For the veterans of the game there are still some key changes to FM14. While it is still not like watching a proper game of football, the match engine has improved again. It is faster and looks better than last year. One of the major improvements to the game this year is the in game interaction. You can tell influential players in your team to help out by talking to youngsters or unhappy squad members. You can schedule end of season meetings with your squad to talk about the season and set targets for the next. The board interaction is also more sophisticated.
One of the great aspects of Football Manager is the intricate transfer system. Unlike the FIFA series, where if you have the cash you will get the player, Football Manager is very real in that you will struggle to persuade certain players to join a club that isn't in the Champions League.
While managing Liverpool, Robert Lewandowski repeatedly turned me down, despite having enough money to pay for his transfer fee and extortionate wage demands. There are a few additions to the transfer module, including the facility to loan back a player to the club he has just been bought from and the combination of cash plus loan players in a deal. There are also new contract clauses, such as a subs bench appearance fee. All of this makes transfers more intricate and tricky but more and more like the real thing.
Perhaps the most important change to this year's FM is the tactical overhaul. No longer do you have control, in 10 percent increments, of every way in which your team functions. You can't tell a playmaker to be 80 percent 'more expressive'. Instead you must give instructions to each player and the team as a whole. You must tell the playmaker to make 'more direct' passes and to 'pass into space'. I have read that people believe this 'dumbing down' of the game ruins its intricacy, but actually all of the changes that have been made are in an effort to increase the realism of the game. You are not controlling your team and players like robots; you are giving them instructions like people.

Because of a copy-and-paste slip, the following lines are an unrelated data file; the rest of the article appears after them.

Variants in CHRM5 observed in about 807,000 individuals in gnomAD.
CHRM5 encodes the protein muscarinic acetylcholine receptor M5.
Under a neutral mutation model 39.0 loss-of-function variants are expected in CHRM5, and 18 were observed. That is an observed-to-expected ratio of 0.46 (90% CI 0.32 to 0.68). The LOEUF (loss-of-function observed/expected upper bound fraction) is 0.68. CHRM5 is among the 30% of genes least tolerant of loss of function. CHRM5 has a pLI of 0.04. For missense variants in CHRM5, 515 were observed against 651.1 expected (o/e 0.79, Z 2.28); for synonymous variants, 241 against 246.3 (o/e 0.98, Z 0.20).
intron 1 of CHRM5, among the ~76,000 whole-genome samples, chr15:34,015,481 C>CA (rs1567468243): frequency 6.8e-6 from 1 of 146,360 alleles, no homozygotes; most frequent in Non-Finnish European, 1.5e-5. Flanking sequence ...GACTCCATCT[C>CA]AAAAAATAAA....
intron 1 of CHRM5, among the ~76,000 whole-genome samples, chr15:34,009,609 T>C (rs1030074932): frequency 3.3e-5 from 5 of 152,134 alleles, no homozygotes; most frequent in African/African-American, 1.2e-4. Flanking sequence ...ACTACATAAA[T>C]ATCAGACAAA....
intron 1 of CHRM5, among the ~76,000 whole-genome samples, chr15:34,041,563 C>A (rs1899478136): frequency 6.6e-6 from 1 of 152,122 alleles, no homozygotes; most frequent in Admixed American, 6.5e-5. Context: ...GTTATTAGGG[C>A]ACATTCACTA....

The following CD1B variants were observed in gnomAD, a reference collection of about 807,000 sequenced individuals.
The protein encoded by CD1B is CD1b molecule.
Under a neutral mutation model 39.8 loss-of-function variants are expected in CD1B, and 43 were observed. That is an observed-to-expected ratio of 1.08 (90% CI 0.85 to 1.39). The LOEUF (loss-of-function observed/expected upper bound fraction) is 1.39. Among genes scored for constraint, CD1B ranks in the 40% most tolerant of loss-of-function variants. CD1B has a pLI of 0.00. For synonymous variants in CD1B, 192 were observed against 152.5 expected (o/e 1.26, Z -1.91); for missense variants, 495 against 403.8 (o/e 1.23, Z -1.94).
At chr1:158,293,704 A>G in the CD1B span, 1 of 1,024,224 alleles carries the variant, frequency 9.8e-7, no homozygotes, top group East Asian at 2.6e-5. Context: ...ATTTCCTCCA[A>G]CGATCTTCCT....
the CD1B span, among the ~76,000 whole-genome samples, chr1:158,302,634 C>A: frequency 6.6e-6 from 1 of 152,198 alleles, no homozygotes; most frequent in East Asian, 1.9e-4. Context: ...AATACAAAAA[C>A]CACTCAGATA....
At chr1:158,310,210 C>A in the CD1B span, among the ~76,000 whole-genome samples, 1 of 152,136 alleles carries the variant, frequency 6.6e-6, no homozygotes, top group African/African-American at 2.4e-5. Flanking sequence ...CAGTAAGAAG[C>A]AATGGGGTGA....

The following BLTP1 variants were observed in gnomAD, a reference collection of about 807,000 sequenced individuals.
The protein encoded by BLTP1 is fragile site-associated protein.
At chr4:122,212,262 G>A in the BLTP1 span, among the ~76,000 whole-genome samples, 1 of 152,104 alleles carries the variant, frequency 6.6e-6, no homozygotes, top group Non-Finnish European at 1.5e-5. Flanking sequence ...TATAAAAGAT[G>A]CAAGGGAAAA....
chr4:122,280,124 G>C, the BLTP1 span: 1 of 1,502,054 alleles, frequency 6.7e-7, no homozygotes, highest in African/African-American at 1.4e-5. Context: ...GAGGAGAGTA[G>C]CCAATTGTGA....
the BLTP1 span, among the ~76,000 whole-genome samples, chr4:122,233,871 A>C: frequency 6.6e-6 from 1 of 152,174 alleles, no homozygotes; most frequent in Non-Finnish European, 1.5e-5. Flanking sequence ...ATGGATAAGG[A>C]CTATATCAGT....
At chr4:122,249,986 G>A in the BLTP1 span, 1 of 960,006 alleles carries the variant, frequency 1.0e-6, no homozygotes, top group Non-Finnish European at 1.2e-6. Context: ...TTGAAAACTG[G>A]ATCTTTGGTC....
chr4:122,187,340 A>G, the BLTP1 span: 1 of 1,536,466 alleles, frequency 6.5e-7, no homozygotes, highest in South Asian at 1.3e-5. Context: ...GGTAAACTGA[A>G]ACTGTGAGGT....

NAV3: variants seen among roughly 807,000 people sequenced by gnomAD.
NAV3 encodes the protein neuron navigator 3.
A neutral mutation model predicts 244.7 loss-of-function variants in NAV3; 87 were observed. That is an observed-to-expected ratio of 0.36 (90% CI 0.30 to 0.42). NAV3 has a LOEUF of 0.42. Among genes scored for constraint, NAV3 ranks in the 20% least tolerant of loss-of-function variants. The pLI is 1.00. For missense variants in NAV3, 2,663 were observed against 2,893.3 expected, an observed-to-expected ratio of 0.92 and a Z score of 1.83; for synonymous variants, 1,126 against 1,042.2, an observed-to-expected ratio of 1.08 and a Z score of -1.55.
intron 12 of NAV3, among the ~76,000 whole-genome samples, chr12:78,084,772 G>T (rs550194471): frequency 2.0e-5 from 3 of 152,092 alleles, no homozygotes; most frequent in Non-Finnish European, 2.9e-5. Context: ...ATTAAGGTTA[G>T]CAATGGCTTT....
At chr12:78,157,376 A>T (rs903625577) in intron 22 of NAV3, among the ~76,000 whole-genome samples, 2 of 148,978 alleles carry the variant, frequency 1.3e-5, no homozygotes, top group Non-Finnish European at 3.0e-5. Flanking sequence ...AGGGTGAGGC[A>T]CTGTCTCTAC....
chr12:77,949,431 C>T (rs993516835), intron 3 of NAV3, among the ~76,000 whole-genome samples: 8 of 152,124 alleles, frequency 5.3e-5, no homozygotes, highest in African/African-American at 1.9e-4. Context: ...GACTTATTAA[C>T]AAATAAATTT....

If you think this all sounds like a tremendous waste of time then meet Vugar Huseynzade. At 22 years old he is boss of Azerbaijani side FC Baku, is the youngest manager in the world, and got to where he is today off the back of just nine years' experience playing Football Manager. What's amazing is that Huseynazde says "I still play it although obviously I have much less time these days." He even uses the game to scout players: "We needed a striker. I opened the game and looked around for the players in the Romanian league where I found Marius Pena. It was actually a big success, he scored six goals from his first seven games." Football Manager has even been recognized by EPL clubs as a source for scouting players. In 2008, Everton FC signed a deal with Sports Interactive allowing them to use the game's database to scout players and opposition.
I would recommend this game to all football fans, and if the story above is anything to go by then this could well be your best chance of a shot at the big time. I, like Vugar Huseynzade, am setting off on a nine-year journey that I hope will end up with me managing my local team. That's if Arsene Wenger ever hands over the reigns.